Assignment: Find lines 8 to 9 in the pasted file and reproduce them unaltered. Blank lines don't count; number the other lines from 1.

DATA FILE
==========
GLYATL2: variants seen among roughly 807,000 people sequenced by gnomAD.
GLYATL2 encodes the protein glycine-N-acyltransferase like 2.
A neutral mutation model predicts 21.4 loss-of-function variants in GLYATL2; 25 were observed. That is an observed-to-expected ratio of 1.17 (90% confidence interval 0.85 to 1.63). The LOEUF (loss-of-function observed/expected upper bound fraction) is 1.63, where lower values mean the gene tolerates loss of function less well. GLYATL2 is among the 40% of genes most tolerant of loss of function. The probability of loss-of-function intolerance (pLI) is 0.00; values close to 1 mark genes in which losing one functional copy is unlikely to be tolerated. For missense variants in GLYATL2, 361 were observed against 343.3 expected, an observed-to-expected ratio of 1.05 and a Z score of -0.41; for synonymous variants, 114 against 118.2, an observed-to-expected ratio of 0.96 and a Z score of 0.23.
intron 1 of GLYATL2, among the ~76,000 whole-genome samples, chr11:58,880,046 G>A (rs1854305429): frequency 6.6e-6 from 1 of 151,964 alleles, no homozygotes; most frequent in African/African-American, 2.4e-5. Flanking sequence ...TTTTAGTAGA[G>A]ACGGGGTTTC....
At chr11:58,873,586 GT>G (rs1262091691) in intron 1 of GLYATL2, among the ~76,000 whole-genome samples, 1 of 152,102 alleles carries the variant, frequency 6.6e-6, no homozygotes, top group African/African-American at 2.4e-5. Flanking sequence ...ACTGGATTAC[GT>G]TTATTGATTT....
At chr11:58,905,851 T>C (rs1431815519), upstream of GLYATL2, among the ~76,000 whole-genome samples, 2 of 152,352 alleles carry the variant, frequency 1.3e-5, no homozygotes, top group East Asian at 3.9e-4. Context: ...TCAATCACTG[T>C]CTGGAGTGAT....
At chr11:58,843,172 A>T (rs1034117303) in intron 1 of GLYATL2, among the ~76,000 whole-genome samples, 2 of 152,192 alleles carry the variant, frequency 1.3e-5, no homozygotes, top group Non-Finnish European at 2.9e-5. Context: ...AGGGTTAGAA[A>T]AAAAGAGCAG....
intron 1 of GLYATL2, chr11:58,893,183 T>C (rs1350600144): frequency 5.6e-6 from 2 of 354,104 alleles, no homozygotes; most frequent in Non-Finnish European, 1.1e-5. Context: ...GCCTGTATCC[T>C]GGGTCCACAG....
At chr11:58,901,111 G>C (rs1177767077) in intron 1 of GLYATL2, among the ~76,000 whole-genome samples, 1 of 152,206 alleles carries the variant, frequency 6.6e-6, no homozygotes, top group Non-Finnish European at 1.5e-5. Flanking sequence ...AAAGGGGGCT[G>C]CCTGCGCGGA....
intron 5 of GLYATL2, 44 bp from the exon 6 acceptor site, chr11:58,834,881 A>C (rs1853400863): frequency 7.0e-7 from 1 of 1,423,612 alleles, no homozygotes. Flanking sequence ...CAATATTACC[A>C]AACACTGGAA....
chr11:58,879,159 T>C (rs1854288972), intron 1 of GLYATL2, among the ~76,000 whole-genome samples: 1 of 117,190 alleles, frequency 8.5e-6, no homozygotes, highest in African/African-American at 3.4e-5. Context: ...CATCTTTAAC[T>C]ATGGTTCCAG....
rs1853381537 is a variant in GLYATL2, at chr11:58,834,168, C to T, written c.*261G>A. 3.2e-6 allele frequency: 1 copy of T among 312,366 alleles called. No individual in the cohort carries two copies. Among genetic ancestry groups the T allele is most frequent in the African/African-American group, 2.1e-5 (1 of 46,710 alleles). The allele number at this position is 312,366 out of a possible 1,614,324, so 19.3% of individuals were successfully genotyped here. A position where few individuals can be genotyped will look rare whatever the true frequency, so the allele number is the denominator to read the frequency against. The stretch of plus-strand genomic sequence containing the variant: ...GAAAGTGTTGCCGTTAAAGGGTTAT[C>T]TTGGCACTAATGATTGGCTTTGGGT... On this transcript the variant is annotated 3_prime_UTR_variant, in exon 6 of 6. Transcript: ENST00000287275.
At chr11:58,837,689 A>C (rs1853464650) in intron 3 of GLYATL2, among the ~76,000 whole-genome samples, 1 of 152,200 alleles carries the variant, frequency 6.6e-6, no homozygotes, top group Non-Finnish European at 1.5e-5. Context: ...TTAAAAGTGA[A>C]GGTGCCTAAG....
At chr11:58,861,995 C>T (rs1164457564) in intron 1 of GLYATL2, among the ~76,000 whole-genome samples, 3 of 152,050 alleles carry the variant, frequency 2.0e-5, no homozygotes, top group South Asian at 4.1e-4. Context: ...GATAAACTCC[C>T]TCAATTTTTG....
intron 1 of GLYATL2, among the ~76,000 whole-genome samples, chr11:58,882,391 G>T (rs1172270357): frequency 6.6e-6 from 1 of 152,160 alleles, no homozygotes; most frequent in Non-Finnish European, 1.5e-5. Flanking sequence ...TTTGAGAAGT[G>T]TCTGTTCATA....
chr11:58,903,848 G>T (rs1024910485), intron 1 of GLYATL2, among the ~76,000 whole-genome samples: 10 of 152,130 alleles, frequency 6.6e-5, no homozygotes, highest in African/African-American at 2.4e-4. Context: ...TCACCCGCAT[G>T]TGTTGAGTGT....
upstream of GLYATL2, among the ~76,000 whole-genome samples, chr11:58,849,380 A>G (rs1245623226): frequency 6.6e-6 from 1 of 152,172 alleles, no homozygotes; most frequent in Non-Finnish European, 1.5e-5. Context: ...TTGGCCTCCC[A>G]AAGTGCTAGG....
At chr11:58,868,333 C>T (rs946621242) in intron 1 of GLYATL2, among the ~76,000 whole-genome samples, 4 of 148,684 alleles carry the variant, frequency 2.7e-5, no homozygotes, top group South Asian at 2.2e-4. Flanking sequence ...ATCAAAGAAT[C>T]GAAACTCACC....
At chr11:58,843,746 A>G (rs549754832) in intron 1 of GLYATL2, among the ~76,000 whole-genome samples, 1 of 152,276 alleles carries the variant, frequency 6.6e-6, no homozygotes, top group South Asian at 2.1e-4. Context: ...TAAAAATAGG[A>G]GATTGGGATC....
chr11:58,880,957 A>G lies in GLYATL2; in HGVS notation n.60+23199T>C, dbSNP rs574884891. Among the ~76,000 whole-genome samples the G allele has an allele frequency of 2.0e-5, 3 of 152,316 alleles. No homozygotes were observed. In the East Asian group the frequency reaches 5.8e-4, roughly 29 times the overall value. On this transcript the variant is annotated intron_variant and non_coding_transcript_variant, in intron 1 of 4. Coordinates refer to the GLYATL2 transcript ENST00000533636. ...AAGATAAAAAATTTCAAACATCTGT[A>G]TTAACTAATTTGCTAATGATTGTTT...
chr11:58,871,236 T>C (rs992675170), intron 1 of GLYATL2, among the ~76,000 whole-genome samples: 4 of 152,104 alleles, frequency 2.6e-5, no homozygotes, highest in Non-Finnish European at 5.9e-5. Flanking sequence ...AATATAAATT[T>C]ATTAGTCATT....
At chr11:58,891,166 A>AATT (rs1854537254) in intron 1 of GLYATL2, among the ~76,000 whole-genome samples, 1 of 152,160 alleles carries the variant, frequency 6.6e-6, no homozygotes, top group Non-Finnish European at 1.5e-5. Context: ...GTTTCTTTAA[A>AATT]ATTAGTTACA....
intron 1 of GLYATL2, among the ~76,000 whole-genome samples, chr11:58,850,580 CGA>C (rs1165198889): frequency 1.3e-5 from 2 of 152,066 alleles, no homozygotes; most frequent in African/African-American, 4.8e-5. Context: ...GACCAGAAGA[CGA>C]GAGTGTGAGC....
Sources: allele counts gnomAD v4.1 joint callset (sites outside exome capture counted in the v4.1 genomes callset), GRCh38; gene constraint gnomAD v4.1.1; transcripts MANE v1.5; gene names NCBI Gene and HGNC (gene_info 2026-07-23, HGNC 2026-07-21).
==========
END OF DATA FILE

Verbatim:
intron 1 of GLYATL2, chr11:58,893,183 T>C (rs1350600144): frequency 5.6e-6 from 2 of 354,104 alleles, no homozygotes; most frequent in Non-Finnish European, 1.1e-5. Context: ...GCCTGTATCC[T>C]GGGTCCACAG....
At chr11:58,901,111 G>C (rs1177767077) in intron 1 of GLYATL2, among the ~76,000 whole-genome samples, 1 of 152,206 alleles carries the variant, frequency 6.6e-6, no homozygotes, top group Non-Finnish European at 1.5e-5. Flanking sequence ...AAAGGGGGCT[G>C]CCTGCGCGGA....